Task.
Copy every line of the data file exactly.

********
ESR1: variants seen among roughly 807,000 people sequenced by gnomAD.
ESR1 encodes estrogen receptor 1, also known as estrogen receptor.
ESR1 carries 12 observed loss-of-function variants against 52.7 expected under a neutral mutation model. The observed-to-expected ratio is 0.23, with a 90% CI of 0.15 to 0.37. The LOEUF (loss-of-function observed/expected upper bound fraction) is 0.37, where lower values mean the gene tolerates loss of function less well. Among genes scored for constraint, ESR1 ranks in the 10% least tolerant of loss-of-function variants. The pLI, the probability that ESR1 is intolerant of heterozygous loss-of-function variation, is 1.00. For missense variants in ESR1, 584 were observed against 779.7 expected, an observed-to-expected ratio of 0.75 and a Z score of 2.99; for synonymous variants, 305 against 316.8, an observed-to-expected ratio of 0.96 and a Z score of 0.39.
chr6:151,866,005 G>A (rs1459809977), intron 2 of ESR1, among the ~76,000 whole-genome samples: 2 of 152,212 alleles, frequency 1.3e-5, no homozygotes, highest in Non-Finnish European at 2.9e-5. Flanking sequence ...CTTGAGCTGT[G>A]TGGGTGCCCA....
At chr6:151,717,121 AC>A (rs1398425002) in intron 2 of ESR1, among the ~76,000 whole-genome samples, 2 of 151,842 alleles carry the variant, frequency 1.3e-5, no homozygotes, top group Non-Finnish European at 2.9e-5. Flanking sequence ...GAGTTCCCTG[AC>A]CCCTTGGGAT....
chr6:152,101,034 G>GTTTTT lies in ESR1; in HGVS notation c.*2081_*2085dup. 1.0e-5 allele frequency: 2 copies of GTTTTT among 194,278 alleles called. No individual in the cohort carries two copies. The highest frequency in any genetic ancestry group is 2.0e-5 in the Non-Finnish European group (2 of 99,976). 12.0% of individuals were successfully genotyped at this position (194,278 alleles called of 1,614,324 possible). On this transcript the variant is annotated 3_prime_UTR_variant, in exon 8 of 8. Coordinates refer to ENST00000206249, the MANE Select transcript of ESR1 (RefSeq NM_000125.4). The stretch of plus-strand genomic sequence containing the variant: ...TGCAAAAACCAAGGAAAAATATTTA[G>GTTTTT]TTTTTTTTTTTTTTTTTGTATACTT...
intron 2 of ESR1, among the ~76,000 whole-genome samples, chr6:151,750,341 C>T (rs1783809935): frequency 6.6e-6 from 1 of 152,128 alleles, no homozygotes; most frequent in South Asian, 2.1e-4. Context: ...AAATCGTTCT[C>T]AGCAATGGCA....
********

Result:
ESR1: variants seen among roughly 807,000 people sequenced by gnomAD.
ESR1 encodes estrogen receptor 1, also known as estrogen receptor.
ESR1 carries 12 observed loss-of-function variants against 52.7 expected under a neutral mutation model. The observed-to-expected ratio is 0.23, with a 90% CI of 0.15 to 0.37. The LOEUF (loss-of-function observed/expected upper bound fraction) is 0.37, where lower values mean the gene tolerates loss of function less well. Among genes scored for constraint, ESR1 ranks in the 10% least tolerant of loss-of-function variants. The pLI, the probability that ESR1 is intolerant of heterozygous loss-of-function variation, is 1.00. For missense variants in ESR1, 584 were observed against 779.7 expected, an observed-to-expected ratio of 0.75 and a Z score of 2.99; for synonymous variants, 305 against 316.8, an observed-to-expected ratio of 0.96 and a Z score of 0.39.
chr6:151,866,005 G>A (rs1459809977), intron 2 of ESR1, among the ~76,000 whole-genome samples: 2 of 152,212 alleles, frequency 1.3e-5, no homozygotes, highest in Non-Finnish European at 2.9e-5. Flanking sequence ...CTTGAGCTGT[G>A]TGGGTGCCCA....
At chr6:151,717,121 AC>A (rs1398425002) in intron 2 of ESR1, among the ~76,000 whole-genome samples, 2 of 151,842 alleles carry the variant, frequency 1.3e-5, no homozygotes, top group Non-Finnish European at 2.9e-5. Flanking sequence ...GAGTTCCCTG[AC>A]CCCTTGGGAT....
chr6:152,101,034 G>GTTTTT lies in ESR1; in HGVS notation c.*2081_*2085dup. 1.0e-5 allele frequency: 2 copies of GTTTTT among 194,278 alleles called. No individual in the cohort carries two copies. The highest frequency in any genetic ancestry group is 2.0e-5 in the Non-Finnish European group (2 of 99,976). 12.0% of individuals were successfully genotyped at this position (194,278 alleles called of 1,614,324 possible). On this transcript the variant is annotated 3_prime_UTR_variant, in exon 8 of 8. Coordinates refer to ENST00000206249, the MANE Select transcript of ESR1 (RefSeq NM_000125.4). The stretch of plus-strand genomic sequence containing the variant: ...TGCAAAAACCAAGGAAAAATATTTA[G>GTTTTT]TTTTTTTTTTTTTTTTTGTATACTT...
intron 2 of ESR1, among the ~76,000 whole-genome samples, chr6:151,750,341 C>T (rs1783809935): frequency 6.6e-6 from 1 of 152,128 alleles, no homozygotes; most frequent in South Asian, 2.1e-4. Context: ...AAATCGTTCT[C>T]AGCAATGGCA....